Thorens TD 1601

If pressed to name some of the oldest and longest running manufacturers in the vinyl game, what would your list consist of? Technics? Linn? Garrard? Dual? Rega, even? In the world of hi-fi, legacy is something that carries more weight than perhaps any other industry. If you have a component that derives in part from a product that was originally developed more than 20 years ago, chances are you’ve got a captive audience right from the off. So it helps if you’re able to draw upon a rich tradition of producing impressive equipment stretching back over 20, 30 or even 50 years. All of which brings us rather neatly back to our original question about turntable manufacturers. If you said Thorens in answer to our poser, give yourself a gold star for the German concern is not only one of the oldest turntable manufacturers, but one of the longest serving producers of hi-fi full stop.

To put it into some sort of context, Thorens started out in the hi-fi business some seven years after the first phone call was made and more than 40 years before TV was widely available. Other events happening that year included Buffalo Bill Cody starting his Wild West show, the first telephone call taking place between New York and Chicago, Utrecht getting its inaugural water pipe system and the England cricket team being presented with the ashes of a bail after a drubbing in the Sydney Test. But enough history, the point is that Thorens has been in existence long before turntables were even widely available to buy, so when it comes to heritage it certainly has a better claim than most.

Now when those hi-fi enthusiasts with a penchant for past classics can invest in new takes on Leak amplifiers or Wharfedale Linton speakers of old, it seems only fitting that one of the oldest swingers in the hi-fi jungle gets in on the action.

The original TD 160 was released back in 1972 and is widely considered by many to be one of the best early sub-chassis turntable designs of its kind, so it seems only fitting that this is the monicker the company acknowledges with its new range: the fully manual TD 1600 (£2,500), the semi-automatic TD 1601 on review here and the TAS 1600 moving-coil cartridge. While the infamous three-point suspension of yesteryear remains present and correct, its implementation is rather different to what’s come before.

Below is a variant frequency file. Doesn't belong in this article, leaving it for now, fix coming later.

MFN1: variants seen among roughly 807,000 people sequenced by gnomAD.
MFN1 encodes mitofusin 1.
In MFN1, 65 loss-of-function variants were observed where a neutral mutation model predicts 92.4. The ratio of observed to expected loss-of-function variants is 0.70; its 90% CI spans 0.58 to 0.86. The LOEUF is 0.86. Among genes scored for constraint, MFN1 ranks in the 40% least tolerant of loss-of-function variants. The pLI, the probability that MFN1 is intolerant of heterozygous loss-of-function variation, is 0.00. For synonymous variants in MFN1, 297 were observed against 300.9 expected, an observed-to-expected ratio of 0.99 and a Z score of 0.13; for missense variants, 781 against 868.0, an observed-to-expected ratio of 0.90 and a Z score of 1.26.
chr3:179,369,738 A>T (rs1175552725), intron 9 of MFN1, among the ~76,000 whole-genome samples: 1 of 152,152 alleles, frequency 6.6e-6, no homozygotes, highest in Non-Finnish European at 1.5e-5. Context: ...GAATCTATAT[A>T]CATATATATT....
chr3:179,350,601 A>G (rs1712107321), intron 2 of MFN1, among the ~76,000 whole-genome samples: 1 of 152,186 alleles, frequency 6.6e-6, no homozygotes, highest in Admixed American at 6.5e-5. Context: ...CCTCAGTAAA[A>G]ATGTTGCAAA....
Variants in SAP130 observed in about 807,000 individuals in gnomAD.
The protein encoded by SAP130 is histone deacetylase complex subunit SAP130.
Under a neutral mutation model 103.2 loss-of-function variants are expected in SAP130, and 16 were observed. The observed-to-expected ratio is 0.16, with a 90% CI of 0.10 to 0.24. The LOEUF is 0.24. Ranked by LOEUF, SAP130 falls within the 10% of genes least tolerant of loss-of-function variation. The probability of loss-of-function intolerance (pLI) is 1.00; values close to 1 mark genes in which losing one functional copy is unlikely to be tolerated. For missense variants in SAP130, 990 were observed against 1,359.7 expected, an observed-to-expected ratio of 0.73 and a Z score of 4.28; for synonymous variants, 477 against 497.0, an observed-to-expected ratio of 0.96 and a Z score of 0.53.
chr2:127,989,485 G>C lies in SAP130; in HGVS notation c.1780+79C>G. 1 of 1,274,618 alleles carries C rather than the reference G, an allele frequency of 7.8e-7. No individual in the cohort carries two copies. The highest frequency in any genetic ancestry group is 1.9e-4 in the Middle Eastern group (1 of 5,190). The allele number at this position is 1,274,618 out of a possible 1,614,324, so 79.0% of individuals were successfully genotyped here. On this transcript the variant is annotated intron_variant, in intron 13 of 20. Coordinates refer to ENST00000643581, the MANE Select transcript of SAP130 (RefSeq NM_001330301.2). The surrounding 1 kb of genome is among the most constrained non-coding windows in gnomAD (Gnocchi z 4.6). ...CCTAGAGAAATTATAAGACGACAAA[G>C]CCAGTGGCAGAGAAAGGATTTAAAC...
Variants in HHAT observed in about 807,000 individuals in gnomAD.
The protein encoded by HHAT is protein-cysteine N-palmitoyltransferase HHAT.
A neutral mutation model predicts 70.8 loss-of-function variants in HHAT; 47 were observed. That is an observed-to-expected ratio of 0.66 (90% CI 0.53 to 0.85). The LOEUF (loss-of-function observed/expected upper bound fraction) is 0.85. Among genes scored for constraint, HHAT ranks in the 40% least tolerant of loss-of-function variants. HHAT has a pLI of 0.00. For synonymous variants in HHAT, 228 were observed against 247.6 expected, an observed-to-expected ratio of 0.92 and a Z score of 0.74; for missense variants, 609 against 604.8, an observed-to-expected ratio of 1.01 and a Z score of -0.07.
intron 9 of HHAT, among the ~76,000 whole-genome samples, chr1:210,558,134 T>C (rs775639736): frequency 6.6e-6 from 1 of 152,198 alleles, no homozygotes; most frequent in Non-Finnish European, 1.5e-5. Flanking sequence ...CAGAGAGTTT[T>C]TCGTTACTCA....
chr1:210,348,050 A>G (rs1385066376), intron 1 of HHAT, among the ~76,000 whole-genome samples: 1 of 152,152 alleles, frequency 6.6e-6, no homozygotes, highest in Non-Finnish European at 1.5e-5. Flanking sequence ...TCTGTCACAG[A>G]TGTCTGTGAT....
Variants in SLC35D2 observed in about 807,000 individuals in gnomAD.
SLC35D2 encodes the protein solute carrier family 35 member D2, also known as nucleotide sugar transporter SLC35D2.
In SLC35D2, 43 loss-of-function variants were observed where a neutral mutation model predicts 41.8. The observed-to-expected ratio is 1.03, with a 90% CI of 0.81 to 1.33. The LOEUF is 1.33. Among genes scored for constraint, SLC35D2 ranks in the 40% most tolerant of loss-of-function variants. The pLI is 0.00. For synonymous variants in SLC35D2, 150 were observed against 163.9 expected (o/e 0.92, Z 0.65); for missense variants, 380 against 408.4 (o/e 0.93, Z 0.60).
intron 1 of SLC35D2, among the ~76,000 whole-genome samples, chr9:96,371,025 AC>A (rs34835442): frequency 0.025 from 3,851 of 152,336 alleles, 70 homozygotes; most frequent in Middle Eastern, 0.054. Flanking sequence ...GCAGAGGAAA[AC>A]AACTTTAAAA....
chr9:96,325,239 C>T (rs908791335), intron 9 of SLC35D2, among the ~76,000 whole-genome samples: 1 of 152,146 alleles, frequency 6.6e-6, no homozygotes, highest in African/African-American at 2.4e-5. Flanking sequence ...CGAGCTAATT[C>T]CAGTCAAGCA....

Now made from MDF, the sub-chassis no longer hangs from the top plate, instead sitting on a trio of foam-damped conical springs, which are in turn mounted to a heavy, damped baseplate. This sits upon three adjustable feet to ensure it remains both level and stable throughout.

The top plate is produced from a product called Alucobond, which features an aerospace-grade honeycomb material sandwiched between two sheets of aluminium. The plinth, meanwhile, is housed in a choice of stylish wood surrounds of high gloss black or walnut.

As anyone that’s ever experienced a suspended turntable will tell you, the chassis has a tendency to wobble unnervingly from side to side like a gaggle of women in high heels leaving a nightclub in the small hours of a Saturday night, six sheets to the wind. Thankfully, Thorens has a neat two-fold solution to this unique phenomenon. The first involves an alloy strengthening plate connecting the bearing to the tonearm mount. Meanwhile, a braced steel thread is connected between the bearing hosing and a steel pin mounted to the baseboard. This acts in the same direction as the motor pulley and bearing, effectively encouraging the sub-chassis to remain in this axis, but leaving it free to float up and down while limiting its lateral movement. It’s almost as though those inebriated clubbers have suddenly sobered up and slipped into some more sensible and stable footwear.

The TD 1601 comes with a TP92 9in tonearm supplied as standard. Used in the past with Thorens’ TD 309, it has been designed in conjunction with fellow German specialist Fink Audio Consulting. It has a damped main tube with a resonance-controlled ring at the centre and – new to both the TD 1600 and 1601 – it can dial up tracking force directly, thanks to its calibrated and labelled counterweight. Bias is still altered magnetically using an adjustment control beside the arm pillar, while the tonearm leads terminate in sockets at the rear of the plinth in the form of balanced XLRs and unbalanced phono sockets. An earthing post is also onhand.

Fitting a cartridge is simply a case of screwing your chosen option into the end of the armtube, whereupon it can then be adjusted front and back for correct tracking alignment or rotated laterally.